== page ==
FIG. 3. SEMQ mutant Vif in cis is active against hA3G, rhA3G, and D128K hA3G. (A) The infectivity of Δvif mutant HIV-1 Luc, wild-type HIV-1 Luc, SEMQ mutant HIV-1 Vif Luc, and Δvif mutant HIV-1 Luc cotransfected with SIVmac Vif was tested against (more ...)
To determine the relative efficiency with which the SEMQ mutation altered the Vif phenotype, the reporter viruses were produced from 293T cells cotransfected with hA3G, rhA3G, and D128K mutant hA3G expression vectors over a range of plasmid ratios. Reporter viruses that expressed wild-type HIV-1 Vif, SEMQ Vif, and SIVmac Vif were all similarly resistant to hA3G and differed from Δvif mutant virus, which was sensitive (Fig. , left part). A reporter virus that expressed HIV-1 Vif was inhibited by rhA3G (Fig. , middle part), in contrast to viruses that expressed SEMQ Vif and SIVmac Vif, which were resistant. Viruses that expressed HIV-1 Vif, SEMQ mutant HIV-1 Vif, and SIVmac Vif were all similarly resistant to D128K mutant hA3G (Fig. , right part). Taken together, the results show that the SEMQ mutation allows HIV-1 Vif to counteract rhA3G and D128K mutant hA3G with an efficiency comparable to that of SIVmac Vif. These results show that the SEMQ gene is functional as expressed by the virus and that the alteration to IN was not deleterious.
SEMQ mutant Vif reduces A3G virion encapsidation.
To biochemically assess SEMQ mutant Vif function, its effect on A3G virion encapsidation and steady-state intracellular level was measured. 293T cells were transfected with Δvif mutant HIV-1, wild-type HIV-1, or Δvif mutant HIV-1 plus pcSIVmac-vif or SEMQ mutant HIV-1 Vif and an A3G expression vector. The virions were pelleted, and their A3G content was quantitated by immunoblot analysis. hA3G was present in Δvif virions but not in controls that lacked viral DNA or that expressed SIVmac Vif or SEMQ mutant Vif (Fig. , upper part). The cell lysates showed that SIVmac Vif and SEMQ mutant Vif reduced the steady-state level of hA3G (Fig. , lower part). HIV-1 Vif and SIVmac Vif were detected with anti-Vif and anti-V5 epitope tag MAbs, respectively. SIVmac Vif appeared to be present at higher levels, probably because it was supplemented in trans. HIV-1 Vif did not exclude rhA3G from virions (Fig. , upper part). In contrast, SIVmac Vif and SEMQ mutant Vif effectively prevented the encapsidation of rhA3G. SIVmac Vif and SEMQ mutant Vif correspondingly reduced steady-state rhA3G levels in the cell lysates (Fig. , lower part). Similarly, HIV-1 Vif did not exclude D128K mutant hA3G from virions but SIVmac and SEMQ mutant Vif were effective and reduced the steady-state levels of D128K mutant hA3G in the cell lysates (Fig. , upper and lower parts). SEMQ mutant Vif was expressed at amounts comparable to wild-type Vif in each panel, suggesting that the effect was not caused by differences in levels of Vif.
FIG. 4. SEMQ mutant Vif excludes hA3G, rhA3G, and D128K mutant hA3G from virions. (A) Encapsidation of hA3G (left), rhA3G (middle), and D128K mutant hA3G (right) was tested in wild-type HIV-1 (lane 1), Δvif mutant HIV-1 (lane 2), Δvif mutant HIV-1 (more ...) HIV-1 with the SEMQ mutation replicates in human cells that stably express rhA3G.
To test whether introduction of the SEMQ mutation would allow HIV-1 to productively replicate in cells that express rhA3G, the mutation was introduced into replication-competent NL4-3. The SEMQ mutant NL4-3 virus, along with control Δvif mutant and wild-type NL4-3, was used to infect HOS.T4.X4 cells that stably expressed CD4/CXCR4 and hA3G or rhA3G or that lacked A3G. Clones of HOS cells that expressed moderate (clone 8) or high (clone 5) levels of rhA3G were used (Fig. ). Virus replication kinetics was measured over 2 weeks. The three viruses replicated similarly in cells that lacked A3G (Fig. ). On cells that express hA3G, the wild-type and SEMQ mutant viruses replicated but the Δvif mutant virus replicated poorly (Fig. ). On clone 8 and clone 5 rhA3G cells, the SEMQ mutant virus replicated efficiently, unlike the Δvif mutant and wild-type viruses, which failed to replicate (Fig. ). These results show that the SEMQ mutation allows efficient replication of HIV-1 on cells that expressed relatively high levels of rhA3G.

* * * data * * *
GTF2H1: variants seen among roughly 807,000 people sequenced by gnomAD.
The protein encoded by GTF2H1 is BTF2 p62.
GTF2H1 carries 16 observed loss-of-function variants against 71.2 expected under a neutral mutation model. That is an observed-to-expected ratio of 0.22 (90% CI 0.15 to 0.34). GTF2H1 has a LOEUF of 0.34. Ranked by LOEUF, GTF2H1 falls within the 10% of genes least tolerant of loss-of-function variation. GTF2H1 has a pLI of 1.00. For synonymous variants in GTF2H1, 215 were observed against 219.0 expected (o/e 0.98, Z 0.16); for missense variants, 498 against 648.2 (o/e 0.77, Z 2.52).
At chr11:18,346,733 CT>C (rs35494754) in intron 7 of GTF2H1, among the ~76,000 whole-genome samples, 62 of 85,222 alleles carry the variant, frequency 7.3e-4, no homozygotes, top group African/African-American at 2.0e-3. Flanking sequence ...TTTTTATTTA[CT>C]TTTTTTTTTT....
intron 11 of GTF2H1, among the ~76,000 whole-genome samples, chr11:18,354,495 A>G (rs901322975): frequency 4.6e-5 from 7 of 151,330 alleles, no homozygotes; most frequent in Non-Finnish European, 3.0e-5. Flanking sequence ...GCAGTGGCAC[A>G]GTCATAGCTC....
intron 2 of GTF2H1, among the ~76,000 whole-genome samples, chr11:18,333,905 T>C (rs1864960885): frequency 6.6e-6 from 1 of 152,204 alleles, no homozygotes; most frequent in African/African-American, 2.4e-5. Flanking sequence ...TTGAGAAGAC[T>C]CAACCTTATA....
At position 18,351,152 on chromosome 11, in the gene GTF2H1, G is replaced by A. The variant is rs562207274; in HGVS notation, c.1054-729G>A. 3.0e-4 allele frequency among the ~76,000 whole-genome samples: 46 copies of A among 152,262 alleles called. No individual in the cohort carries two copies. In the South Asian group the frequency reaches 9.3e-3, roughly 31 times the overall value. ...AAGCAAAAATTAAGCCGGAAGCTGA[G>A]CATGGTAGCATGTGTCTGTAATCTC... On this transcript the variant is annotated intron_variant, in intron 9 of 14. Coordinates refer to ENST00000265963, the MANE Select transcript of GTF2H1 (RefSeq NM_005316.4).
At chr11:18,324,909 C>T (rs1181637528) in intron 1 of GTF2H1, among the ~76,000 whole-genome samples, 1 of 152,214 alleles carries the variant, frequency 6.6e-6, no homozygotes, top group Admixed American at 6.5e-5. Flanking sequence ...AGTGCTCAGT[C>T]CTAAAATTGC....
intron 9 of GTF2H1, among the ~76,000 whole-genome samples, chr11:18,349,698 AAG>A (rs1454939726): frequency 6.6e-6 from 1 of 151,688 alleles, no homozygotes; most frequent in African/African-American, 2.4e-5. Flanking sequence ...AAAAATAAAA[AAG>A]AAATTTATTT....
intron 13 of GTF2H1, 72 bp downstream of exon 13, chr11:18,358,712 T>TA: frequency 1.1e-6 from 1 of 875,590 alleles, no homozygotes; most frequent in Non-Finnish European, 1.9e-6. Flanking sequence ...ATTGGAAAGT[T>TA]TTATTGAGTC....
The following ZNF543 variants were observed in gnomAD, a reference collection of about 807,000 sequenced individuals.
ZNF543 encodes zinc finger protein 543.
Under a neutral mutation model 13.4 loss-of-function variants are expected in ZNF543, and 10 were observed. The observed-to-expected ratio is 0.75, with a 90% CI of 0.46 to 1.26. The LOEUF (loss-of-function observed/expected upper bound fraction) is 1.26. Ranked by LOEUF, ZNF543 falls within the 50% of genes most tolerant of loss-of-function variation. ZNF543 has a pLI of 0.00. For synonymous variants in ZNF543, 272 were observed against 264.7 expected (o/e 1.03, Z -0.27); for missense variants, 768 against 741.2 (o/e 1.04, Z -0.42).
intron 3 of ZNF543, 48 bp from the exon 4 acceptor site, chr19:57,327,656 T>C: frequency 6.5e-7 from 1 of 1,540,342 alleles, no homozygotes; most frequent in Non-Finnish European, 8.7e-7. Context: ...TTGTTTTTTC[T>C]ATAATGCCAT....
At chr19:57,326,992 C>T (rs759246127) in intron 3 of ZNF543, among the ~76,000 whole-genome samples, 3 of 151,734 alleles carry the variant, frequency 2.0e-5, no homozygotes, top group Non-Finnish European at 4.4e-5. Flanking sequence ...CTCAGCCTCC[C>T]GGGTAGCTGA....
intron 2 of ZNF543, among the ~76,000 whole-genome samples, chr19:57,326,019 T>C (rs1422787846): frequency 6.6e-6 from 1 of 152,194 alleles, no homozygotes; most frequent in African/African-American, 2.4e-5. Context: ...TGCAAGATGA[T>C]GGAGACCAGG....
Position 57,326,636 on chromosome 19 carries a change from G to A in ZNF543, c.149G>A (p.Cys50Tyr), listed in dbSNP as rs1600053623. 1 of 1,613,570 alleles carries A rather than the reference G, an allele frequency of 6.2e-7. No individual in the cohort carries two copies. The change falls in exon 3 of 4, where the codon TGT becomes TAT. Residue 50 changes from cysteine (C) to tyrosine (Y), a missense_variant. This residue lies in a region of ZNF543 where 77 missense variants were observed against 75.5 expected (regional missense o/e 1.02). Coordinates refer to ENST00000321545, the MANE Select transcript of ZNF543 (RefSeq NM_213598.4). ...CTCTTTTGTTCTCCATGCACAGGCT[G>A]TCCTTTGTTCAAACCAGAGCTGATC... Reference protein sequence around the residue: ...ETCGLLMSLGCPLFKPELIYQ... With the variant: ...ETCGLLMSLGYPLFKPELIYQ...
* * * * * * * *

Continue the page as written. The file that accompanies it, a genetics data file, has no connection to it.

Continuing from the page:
FIG. 5. Viral replication kinetics in cells expressing hA3G or rhA3G. (A) hA3G and rhA3G stably expressed by HOS.T4.X4 cells derived by retroviral vector transduction were detected by an immunoblot assay and probing with an anti-HA MAb. The parental cells lack (more ...) rhA3F does not block HIV-1 replication.
hA3F has previously been shown to block Δvif
mutant HIV-1 infectivity in single-round reporter virus assays (14
). To test whether A3F restricts HIV-1 in a species-specific manner similar to that of A3G, we cloned rhA3F (see Fig. S2 in the supplemental material) and tested its activity against wild-type, Δvif
mutant, and SEMQ mutant HIV-1 reporter viruses. As expected, hA3F inhibited Δvif
mutant but not wild-type HIV-1 (14
). In contrast, hA3F inhibited the SEMQ mutant virus. This suggested that the SEMQ mutation caused Vif to lose its ability to counteract hA3F (Fig. ). rhA3F inhibited wild-type HIV-1 and the SEMQ mutant. hA3F and rhA3F inhibited Δvif
mutant SIVmac, and this was partially overcome by SIVmac Vif, consistent with a recent report by Zennou and Bieniasz (32
) which showed that SIVmac Vif was partially active against rhA3F. Our data suggested that the interaction between Vif and A3F is species specific and that SEMQ mutant Vif fails to interact with rhA3F.
FIG. 6. rhA3F does not block HIV-1 replication. (A) The antiviral effects of hA3F and rhA3F were tested in a single-cycle luciferase reporter virus assay. Virus was produced by cotransfection of wild-type, Δvif mutant, or SEMQ mutant NL-Luc or wild-type (more ...)
To determine whether rhA3F blocks the replication of HIV-1, we infected HOS cells that stably express CD4/CXCR4 and rhA3F with replication-competent wild-type, Δvif mutant, or SEMQ mutant NL4-3 or NL4-3(Vifmac), an HIV-1 strain that contains an engineered SIVmac vif gene in the nef position. The HOS cells expressed moderate (C1) or high (C4) levels of rhA3F (Fig. ). All viruses replicated well in the parental HOS.CD4.CXCR4 cell line (Fig. ). Surprisingly, intermediate and high levels of rhA3F had no effect on the replication kinetics. Some differences in peak p24 production were evident among the HOS cell clones, but these were caused by differences in coreceptor expression (data not shown). Taken together, these data demonstrate that although rhA3F is active against HIV-1 in the single-cycle reporter virus assay, it does not block virus replication under more physiological conditions.